One model that people routinely have is that pagan resistance to Christianization was inevitable. On a microlevel this seems correct, but on a macrolevel for Northern Europe, Christianity was the only metaethnic high culture transnational religious identity that was on offer. At some point, the Northern European proto-states were going to become Christian. It was a matter of when. We see this in Ireland, where the Christianization process was entirely endogenous and occurred gradually and piecemeal. This resembles Alan Cameron’s model of the decline of Roman paganism in The Last Pagans of Rome. The Barbarian Conversion: From Paganism to Christianity, you see a different model, where the Northern European kings convert to integrate themselves into the international system of Christian states, and also consolidate their rule over their polity. Unlike the Irish example, where conversion was gradual and organic, these top-down conversions tend to be more of a cultural rupture and instantiate resistance from entrenched interests that are disfavored by the new Christian regime that erupted overnight. That being said, these top-down conversions seem to result in faster (nominal) baptism of the population than the more gradual conversion of the Romans after Constantine or the Irish between 400 and 600 AD.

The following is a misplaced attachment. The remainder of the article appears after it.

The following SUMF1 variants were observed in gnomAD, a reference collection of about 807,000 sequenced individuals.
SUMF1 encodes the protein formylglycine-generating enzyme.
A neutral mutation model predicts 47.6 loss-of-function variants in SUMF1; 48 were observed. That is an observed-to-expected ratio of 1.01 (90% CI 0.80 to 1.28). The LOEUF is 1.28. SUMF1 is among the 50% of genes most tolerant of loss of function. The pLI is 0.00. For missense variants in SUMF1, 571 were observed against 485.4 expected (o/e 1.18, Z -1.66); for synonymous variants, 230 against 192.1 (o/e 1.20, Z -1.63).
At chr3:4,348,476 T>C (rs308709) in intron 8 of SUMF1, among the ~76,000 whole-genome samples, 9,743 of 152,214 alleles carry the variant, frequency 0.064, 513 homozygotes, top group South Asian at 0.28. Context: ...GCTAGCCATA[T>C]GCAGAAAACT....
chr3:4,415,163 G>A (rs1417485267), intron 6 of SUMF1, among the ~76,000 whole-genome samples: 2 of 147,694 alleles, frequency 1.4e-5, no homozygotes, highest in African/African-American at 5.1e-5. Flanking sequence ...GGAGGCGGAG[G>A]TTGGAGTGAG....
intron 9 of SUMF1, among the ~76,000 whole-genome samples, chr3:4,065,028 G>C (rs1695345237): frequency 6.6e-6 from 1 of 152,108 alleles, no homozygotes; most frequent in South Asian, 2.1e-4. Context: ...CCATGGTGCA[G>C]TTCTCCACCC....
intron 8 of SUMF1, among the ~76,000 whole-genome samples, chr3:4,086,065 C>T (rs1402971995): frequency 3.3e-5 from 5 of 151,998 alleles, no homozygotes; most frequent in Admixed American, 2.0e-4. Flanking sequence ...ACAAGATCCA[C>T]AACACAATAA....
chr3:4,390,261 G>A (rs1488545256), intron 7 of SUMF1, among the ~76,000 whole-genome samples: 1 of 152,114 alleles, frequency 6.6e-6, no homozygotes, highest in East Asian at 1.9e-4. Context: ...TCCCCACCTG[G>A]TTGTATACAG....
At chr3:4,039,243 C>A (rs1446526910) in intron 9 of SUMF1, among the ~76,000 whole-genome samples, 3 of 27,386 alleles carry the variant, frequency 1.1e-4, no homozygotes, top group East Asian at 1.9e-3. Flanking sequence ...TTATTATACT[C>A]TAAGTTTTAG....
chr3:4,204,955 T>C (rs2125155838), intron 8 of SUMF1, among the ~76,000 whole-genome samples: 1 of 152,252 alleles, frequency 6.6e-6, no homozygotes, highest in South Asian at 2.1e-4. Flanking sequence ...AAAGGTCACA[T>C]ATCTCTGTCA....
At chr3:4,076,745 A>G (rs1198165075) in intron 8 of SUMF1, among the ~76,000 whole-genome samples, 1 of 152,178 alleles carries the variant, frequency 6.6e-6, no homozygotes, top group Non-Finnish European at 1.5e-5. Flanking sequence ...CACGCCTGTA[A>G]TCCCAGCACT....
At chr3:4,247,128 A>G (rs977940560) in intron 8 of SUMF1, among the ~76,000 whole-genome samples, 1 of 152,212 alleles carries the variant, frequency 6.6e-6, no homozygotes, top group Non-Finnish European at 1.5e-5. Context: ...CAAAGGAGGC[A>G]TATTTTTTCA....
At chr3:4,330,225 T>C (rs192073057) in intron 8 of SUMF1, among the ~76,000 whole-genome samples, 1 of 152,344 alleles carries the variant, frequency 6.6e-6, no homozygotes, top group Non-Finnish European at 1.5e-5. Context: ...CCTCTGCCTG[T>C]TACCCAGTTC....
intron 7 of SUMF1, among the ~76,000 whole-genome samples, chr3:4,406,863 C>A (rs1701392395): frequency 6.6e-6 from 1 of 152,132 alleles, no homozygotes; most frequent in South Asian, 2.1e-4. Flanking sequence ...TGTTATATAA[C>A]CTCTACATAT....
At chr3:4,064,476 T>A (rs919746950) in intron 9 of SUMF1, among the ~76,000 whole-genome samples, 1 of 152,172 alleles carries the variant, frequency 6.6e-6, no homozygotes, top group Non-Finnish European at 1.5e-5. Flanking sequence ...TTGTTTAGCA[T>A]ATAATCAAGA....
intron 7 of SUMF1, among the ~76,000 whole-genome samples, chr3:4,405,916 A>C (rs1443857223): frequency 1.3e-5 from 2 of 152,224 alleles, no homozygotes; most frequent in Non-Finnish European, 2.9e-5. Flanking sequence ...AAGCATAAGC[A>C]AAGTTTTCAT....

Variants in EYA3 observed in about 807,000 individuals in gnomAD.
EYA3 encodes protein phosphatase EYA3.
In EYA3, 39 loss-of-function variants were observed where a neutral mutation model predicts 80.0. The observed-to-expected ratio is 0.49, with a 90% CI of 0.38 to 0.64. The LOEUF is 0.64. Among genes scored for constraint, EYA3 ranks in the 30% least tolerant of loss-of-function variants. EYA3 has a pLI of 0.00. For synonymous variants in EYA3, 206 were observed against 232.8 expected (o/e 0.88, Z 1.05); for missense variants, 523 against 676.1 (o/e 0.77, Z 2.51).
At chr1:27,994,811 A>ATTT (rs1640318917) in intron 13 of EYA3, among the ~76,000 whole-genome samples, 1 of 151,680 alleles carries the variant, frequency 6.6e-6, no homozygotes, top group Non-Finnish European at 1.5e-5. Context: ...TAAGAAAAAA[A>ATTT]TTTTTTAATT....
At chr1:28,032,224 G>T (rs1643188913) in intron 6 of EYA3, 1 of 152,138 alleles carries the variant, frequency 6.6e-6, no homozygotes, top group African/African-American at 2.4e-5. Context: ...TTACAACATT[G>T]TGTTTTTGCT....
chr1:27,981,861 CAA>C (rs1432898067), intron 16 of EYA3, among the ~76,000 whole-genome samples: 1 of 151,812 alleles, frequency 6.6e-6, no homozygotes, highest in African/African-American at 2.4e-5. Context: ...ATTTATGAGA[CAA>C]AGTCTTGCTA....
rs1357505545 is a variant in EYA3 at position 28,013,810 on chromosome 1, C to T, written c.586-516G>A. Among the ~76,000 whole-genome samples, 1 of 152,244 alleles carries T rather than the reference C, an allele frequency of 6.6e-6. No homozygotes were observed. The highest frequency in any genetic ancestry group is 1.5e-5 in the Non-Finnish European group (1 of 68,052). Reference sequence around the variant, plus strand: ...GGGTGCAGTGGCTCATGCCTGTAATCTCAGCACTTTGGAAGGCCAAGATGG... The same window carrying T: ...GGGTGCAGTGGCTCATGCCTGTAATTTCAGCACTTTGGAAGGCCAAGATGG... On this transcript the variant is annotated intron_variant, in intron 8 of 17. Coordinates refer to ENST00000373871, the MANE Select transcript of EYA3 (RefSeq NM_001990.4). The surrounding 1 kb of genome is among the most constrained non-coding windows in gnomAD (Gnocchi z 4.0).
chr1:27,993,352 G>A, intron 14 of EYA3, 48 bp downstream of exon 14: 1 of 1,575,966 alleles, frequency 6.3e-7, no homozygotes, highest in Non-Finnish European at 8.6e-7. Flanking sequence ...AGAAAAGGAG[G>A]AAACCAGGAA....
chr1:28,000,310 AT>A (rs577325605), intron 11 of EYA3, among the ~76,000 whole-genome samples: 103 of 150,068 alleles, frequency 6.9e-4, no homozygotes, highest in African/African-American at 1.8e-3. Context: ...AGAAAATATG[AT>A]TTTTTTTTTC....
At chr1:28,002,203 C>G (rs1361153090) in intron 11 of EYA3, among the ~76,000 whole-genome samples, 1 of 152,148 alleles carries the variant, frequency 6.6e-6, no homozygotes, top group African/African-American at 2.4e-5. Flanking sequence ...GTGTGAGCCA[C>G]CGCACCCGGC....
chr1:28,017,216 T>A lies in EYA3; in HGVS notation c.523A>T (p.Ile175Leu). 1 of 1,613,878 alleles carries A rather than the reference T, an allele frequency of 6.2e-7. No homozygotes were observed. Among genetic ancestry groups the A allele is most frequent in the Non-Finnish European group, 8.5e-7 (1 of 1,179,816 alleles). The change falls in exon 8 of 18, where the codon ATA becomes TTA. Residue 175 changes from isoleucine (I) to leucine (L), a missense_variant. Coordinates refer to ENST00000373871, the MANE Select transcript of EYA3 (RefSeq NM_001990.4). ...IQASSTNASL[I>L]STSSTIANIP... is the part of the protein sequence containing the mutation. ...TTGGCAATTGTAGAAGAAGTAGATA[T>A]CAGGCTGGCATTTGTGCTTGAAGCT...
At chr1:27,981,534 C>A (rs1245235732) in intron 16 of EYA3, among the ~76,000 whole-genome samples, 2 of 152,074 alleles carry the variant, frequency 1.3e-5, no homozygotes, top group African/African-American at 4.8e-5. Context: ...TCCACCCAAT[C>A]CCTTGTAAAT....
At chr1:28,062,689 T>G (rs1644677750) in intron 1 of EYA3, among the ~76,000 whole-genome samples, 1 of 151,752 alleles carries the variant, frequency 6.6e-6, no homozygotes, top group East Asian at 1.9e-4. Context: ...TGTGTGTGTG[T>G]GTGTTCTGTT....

But there is a downside the Lithuanian example illustrates: the fusion of Christianity with incipient militaristic states with an ethnonational basis resulted in  Christianity becoming associated with an enemy state and people from the pagan perspective. This is illustrated in Chris Tyrmen’s God’s War: A New History of the Crusades, where citizens of a besieged West Slavic city march outside of the gates and explain to the German soldiers that they had already converted to the “German religion.” If Christianity had not become associated with German identity would the Wends have resisted the new religion for so long? If the Germans had not synthesized their ethnic identity with their religion, would they have been so brutal to the Slavic heathens to their east? I doubt both of these. There is a more powerful recent historical illustration of this phenomenon. By the late 1500’s Latin Rite Christianity was becoming a popular religion in southern Japan, and Oda Nobunaga and Toyotomi Hideyoshi both favored it tacitly above Buddhism. But there were cases where Iberian Christians proudly identified the new religion as a fifth column in the spread of their political regime, and this prompted Tokugawa Ieyasu to suppress the new faith, not on theological, but political grounds.